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Our products and services differ based on state. Please select your state (or the state you're interested in) from the list to the left.
Why do our products and services differ based on state? Because our business is regulated by state. We have regulated operations in eight Western and Midwestern states. The different regulatory body for each state we serve determines what products and services we deliver in that state.
Emergency standby generators can supply electricity to your home or business during a power outage. Operating a standby generator can be a lifesaver during a power outage, but only if it is properly installed and maintained. Understand the hazards, and familiarize yourself with these important safety precautions before you buy or begin to use one.
Improper installation and use of standby generators may violate state or local electrical codes and can severely endanger those working to restore your power. During power outages, our crews work from maps to locate disconnects. Improperly connected generators may re-energize lines that otherwise would be off, creating "back feed." Back feed occurs when electric power is introduced to the utility's power lines from generators with faulty connections. Lines expected to be de-energized are in fact live, and could potentially electrocute crew members attempting to make repairs.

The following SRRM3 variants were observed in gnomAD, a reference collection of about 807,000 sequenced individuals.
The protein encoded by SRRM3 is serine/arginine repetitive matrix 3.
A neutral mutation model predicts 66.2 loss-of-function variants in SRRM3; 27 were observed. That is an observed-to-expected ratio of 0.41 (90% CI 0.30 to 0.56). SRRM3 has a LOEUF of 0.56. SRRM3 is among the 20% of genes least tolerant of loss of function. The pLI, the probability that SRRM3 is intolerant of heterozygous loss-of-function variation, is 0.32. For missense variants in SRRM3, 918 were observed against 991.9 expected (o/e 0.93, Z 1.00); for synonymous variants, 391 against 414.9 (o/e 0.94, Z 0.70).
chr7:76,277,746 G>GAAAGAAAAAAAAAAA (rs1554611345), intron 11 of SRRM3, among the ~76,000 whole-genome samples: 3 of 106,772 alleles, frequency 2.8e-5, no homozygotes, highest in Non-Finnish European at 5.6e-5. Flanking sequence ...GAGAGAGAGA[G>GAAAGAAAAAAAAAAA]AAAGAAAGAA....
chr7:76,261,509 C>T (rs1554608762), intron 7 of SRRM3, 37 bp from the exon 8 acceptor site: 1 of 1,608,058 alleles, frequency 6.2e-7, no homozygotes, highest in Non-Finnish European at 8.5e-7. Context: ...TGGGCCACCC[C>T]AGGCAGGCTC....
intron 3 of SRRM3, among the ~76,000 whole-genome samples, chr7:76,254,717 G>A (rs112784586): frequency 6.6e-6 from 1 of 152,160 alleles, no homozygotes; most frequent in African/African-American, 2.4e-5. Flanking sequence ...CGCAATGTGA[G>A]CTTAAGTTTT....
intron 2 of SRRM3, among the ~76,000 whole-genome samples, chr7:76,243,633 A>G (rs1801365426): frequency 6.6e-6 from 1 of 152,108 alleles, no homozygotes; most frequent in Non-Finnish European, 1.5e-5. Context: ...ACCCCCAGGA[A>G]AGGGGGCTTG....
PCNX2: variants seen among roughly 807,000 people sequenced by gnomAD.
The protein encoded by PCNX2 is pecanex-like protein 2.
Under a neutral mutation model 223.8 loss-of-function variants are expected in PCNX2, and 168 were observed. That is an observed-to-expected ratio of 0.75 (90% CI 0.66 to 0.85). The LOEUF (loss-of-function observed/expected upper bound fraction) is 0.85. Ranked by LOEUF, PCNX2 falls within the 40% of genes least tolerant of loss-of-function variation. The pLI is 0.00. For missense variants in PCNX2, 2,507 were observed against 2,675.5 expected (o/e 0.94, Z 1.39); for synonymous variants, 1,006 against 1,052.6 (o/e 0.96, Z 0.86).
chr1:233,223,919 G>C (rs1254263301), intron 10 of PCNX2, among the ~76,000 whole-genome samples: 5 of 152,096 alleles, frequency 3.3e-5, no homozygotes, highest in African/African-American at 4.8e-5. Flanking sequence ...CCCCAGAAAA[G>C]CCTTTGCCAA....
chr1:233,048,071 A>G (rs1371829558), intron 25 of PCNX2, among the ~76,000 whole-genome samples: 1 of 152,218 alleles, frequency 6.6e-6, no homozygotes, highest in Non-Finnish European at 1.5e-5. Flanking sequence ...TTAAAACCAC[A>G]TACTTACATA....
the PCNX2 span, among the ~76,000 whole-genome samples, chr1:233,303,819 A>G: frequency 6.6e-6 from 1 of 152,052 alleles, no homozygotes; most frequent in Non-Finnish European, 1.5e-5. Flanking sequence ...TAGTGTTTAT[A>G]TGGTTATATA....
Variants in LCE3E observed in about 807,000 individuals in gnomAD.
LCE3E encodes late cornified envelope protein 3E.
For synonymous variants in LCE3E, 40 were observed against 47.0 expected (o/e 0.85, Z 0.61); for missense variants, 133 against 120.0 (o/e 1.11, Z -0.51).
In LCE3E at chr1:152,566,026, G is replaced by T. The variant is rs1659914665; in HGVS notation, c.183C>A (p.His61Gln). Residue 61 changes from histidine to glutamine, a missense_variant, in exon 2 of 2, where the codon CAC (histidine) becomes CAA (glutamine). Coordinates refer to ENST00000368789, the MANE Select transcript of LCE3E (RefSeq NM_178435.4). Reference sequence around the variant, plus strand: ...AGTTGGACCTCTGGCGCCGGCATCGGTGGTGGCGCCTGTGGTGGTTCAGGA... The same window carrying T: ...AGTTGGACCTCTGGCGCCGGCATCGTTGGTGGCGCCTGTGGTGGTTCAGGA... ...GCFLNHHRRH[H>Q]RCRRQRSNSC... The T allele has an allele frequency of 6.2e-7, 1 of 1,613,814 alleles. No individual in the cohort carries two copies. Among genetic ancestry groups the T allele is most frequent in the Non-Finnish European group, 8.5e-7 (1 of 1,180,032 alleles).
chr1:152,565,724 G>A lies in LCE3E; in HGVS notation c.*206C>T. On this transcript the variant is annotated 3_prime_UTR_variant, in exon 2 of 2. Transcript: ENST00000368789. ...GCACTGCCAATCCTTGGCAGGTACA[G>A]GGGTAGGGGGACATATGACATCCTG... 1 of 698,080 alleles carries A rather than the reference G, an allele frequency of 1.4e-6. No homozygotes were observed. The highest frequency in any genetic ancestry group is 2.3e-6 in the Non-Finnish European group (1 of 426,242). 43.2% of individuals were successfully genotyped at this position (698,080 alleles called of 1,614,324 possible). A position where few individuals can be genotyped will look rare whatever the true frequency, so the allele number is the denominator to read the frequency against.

There are two basic types of standby generators:
Always follow all manufacturer's safety instructions when using a home backup generator.
Select the right size generator to meet your needs
Standby generators are available in a range of sizes, to meet specific power requirements. It is important to choose one that is sized to meet your needs. Your vendor, retailer or electrician can help you determine what size generator is most suitable for your home or business and whether the equipment or appliances you want connected to your generator can be operated safely.